Commander's luncheon goes back in history
Sean Chase/Daily Observer Garrison Petawawa and 4th Canadian Division Support Group commander Col. Louis Lapointe and garrison sergeant-major Chief Warrant Officer Tom Verner (right) invited municipal and business leaders to the annual Garrison Petawawa Business Luncheon on Thursday. The luncheon marked the 100th anniversary of the Battle of Passchendaele with a traditional mess field dinner and exhibits showing the weapons and equipment used by Canadian soldiers in that pivotal engagement.
GARRISON PETAWAWA – The annual Garrison Petawawa Business Luncheon took its guests back in time to revisit a historic First World War battle that proved to be a turning point in that great conflict.
Garrison Petawawa and 4th Canadian Division Support Group commander Col. Louis Lapointe and garrison sergeant-major Chief Warrant Officer Tom Verner invited municipal and business leaders to this special event held at the Reichwald Mess on Thursday. Unlike past luncheons, this one marked the 1917 Battle of Passchendaele by treating folks to a traditional field mess dinner similar to what our forefathers experienced on the Western Front 100 years ago.
Served by Dreams Catering, the meal consisted of a beef stew, dried fruit, tea biscuit, coffee and tea, and trench cake. Instead of plates and polished silverware, guests ate out of metal mess tins using military issued KFS (Knife/Fork/Spoon).
It was in the late summer of 1917 that the British launched a major offensive against German forces holding Passchendaele ridge, overlooking the city of Ypres, Belgium. If the Allies could break through the German front lines in Belgium, they could advance to the coast and liberate the ports critical for resupply. However, both sides soon became bogged down in a quagmire. As the British became depleted, General Douglas Haig, commander of the British Expeditionary Force, ordered Lieutenant General Arthur Currie, the Canadian Corps' commander, to bring his four divisions to secure Passchendaele village.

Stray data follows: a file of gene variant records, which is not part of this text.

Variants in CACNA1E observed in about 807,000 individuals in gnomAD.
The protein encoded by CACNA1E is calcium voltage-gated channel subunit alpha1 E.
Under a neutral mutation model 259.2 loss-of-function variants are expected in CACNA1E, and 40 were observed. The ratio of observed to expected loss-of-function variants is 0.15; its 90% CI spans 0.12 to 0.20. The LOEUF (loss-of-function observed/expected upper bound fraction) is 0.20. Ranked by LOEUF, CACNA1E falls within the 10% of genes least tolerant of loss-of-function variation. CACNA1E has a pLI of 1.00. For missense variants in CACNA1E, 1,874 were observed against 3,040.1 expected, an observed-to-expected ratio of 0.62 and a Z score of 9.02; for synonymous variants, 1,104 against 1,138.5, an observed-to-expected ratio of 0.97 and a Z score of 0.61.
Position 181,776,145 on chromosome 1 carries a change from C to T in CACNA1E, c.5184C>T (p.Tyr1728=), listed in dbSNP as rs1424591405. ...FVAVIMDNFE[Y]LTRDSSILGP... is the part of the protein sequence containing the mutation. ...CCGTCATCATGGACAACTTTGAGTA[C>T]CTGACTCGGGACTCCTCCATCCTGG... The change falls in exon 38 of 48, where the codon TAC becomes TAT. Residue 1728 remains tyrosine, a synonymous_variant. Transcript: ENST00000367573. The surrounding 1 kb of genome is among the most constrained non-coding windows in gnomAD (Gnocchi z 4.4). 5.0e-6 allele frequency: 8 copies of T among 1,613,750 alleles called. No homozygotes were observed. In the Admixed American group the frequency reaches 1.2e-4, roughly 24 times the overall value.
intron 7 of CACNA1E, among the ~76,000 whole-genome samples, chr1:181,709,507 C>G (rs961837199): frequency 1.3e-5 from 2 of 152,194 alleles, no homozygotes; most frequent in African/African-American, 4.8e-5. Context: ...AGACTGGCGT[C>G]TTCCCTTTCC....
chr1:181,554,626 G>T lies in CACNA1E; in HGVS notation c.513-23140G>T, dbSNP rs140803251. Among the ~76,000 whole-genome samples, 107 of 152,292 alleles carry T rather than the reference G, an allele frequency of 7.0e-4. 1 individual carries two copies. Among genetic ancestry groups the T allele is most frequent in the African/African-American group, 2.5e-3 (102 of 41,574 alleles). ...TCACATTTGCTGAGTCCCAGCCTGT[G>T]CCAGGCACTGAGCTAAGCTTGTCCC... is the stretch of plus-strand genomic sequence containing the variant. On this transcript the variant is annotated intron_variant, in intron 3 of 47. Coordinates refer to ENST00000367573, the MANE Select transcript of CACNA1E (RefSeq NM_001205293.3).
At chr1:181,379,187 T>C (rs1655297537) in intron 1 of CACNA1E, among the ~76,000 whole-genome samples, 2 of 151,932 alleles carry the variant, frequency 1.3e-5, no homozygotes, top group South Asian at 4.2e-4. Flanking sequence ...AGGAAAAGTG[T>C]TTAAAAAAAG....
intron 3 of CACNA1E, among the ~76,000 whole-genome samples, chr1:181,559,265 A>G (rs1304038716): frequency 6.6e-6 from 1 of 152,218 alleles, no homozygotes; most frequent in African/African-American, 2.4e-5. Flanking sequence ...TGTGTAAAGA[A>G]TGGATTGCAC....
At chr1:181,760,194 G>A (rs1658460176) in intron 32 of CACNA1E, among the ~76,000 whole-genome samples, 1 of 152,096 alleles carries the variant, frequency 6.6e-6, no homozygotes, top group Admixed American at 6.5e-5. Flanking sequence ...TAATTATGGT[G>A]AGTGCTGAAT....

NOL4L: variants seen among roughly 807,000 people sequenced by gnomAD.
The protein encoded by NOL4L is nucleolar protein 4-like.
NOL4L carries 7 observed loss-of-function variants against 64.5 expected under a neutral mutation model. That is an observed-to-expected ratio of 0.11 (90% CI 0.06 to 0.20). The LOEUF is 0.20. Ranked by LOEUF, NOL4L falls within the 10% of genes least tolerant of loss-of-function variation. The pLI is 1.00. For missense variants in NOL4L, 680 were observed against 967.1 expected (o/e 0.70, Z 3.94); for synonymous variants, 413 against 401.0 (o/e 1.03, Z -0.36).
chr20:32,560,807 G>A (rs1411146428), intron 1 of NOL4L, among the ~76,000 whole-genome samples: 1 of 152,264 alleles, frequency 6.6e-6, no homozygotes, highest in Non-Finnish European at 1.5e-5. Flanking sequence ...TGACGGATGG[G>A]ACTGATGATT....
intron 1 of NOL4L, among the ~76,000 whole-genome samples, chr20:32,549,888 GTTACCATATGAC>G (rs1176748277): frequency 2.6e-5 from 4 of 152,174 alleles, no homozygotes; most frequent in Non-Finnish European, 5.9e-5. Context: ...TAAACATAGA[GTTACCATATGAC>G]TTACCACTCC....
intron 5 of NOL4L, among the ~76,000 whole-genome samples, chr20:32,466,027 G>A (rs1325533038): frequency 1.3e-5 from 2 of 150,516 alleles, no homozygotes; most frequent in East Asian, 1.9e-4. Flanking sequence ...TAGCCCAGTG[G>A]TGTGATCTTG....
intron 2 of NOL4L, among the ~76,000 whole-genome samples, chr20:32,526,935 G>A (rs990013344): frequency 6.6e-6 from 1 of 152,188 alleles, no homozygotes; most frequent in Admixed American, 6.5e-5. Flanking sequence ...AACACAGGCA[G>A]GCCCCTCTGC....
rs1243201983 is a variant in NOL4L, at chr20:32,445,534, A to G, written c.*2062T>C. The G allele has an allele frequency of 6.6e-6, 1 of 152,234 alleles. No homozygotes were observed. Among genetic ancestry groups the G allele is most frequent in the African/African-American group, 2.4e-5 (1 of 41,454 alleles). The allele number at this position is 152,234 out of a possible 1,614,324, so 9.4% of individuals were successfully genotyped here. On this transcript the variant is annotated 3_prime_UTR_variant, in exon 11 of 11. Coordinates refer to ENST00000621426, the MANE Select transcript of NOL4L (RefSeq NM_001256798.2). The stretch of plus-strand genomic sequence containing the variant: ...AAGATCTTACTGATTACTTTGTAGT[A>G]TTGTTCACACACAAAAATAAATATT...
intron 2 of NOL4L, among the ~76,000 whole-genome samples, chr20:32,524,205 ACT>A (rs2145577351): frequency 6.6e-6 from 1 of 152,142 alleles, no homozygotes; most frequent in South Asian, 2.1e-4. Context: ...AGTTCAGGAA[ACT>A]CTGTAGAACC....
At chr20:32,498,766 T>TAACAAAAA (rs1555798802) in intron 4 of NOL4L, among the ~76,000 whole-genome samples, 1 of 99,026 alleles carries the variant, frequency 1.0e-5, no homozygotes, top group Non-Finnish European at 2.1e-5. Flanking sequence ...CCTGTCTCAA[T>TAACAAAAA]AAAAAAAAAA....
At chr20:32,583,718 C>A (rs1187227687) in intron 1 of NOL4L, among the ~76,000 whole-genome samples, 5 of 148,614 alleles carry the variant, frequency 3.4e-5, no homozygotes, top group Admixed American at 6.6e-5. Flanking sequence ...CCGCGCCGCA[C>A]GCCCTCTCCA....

“We need you, we need your experience and we need you to help us get out of this,” said Col. Lapointe as he conducted a brief history lesson of the battle who noted that, while victory came at a terrible cost, Passchendaele was a strategic milestone for the Allies. “After the battle the Germans started to decline. They couldn't reconstitute fast enough to keep up with the pace of the war.”
Coming off the battles at Vimy Ridge and Hill 70, the Canadians entered the engagement in October, capturing the ridge and Passchendaele village at a cost of 15,600 casualties. Col. Lapointe explained that there was something special about the Canadians and how they conducted military operations adding most were not career soldiers having been recruited between 1914 and 1916.
“General Currie was a business person. Most of the soldiers were loggers, farmers and they were use to the hard life of living in Canada. That made the difference,” said the commander. “We came to the battle with a different mindset.”
The innovations that the Canadians used at Vimy, namely rehearsing their assaults, detailed reconnaissance and the use of creeping artillery in front of advancing infantry, were again on display at Passchendaele. Col. Lapointe noted that many historians today hold up Passchendaele as equally important to Canada's development as a nation as Vimy Ridge was.
“Passchendaele had a huge impact in solidifying our position as a nation amongst the Allies,” he said.
Prior to the dinner, Chief Warrant Officer Verner gave a briefing on the role that the mess plays in military culture calling it a way of preserving time-honoured traditions. The formation sergeant-major, who has spent 24 of his 30 years in the military at Garrison Petawawa with the 3rd Battalion, Royal Canadian Regiment and the Canadian Special Operations Regiment, said he has a special place in his heart for Petawawa.
“It's been a wonderful experience,” said Chief Warrant Officer Verner. “I lived basically my whole adult life here. I've raised my family here and I have a lot of professional and emotional investment in this community.”